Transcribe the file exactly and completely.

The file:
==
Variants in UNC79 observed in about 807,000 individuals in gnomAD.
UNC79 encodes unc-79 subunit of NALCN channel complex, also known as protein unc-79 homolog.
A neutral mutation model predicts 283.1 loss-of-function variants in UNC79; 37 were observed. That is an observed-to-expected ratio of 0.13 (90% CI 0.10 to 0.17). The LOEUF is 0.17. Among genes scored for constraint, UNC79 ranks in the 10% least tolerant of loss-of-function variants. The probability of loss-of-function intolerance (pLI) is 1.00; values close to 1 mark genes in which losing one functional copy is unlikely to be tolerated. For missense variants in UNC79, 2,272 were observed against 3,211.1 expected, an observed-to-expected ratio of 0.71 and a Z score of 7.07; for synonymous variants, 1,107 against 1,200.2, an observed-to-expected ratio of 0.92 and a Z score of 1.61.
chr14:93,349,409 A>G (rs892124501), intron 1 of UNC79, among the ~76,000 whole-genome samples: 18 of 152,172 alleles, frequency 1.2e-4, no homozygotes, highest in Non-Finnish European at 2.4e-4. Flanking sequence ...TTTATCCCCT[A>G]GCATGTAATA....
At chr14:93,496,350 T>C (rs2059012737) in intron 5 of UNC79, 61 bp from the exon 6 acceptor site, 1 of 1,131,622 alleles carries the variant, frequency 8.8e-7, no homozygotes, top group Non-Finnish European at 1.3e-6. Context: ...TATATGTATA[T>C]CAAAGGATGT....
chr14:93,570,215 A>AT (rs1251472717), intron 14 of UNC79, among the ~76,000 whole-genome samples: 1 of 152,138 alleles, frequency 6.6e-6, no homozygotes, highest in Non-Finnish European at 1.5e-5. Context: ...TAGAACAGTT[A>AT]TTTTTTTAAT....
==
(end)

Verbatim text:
Variants in UNC79 observed in about 807,000 individuals in gnomAD.
UNC79 encodes unc-79 subunit of NALCN channel complex, also known as protein unc-79 homolog.
A neutral mutation model predicts 283.1 loss-of-function variants in UNC79; 37 were observed. That is an observed-to-expected ratio of 0.13 (90% CI 0.10 to 0.17). The LOEUF is 0.17. Among genes scored for constraint, UNC79 ranks in the 10% least tolerant of loss-of-function variants. The probability of loss-of-function intolerance (pLI) is 1.00; values close to 1 mark genes in which losing one functional copy is unlikely to be tolerated. For missense variants in UNC79, 2,272 were observed against 3,211.1 expected, an observed-to-expected ratio of 0.71 and a Z score of 7.07; for synonymous variants, 1,107 against 1,200.2, an observed-to-expected ratio of 0.92 and a Z score of 1.61.
chr14:93,349,409 A>G (rs892124501), intron 1 of UNC79, among the ~76,000 whole-genome samples: 18 of 152,172 alleles, frequency 1.2e-4, no homozygotes, highest in Non-Finnish European at 2.4e-4. Flanking sequence ...TTTATCCCCT[A>G]GCATGTAATA....
At chr14:93,496,350 T>C (rs2059012737) in intron 5 of UNC79, 61 bp from the exon 6 acceptor site, 1 of 1,131,622 alleles carries the variant, frequency 8.8e-7, no homozygotes, top group Non-Finnish European at 1.3e-6. Context: ...TATATGTATA[T>C]CAAAGGATGT....
chr14:93,570,215 A>AT (rs1251472717), intron 14 of UNC79, among the ~76,000 whole-genome samples: 1 of 152,138 alleles, frequency 6.6e-6, no homozygotes, highest in Non-Finnish European at 1.5e-5. Context: ...TAGAACAGTT[A>AT]TTTTTTTAAT....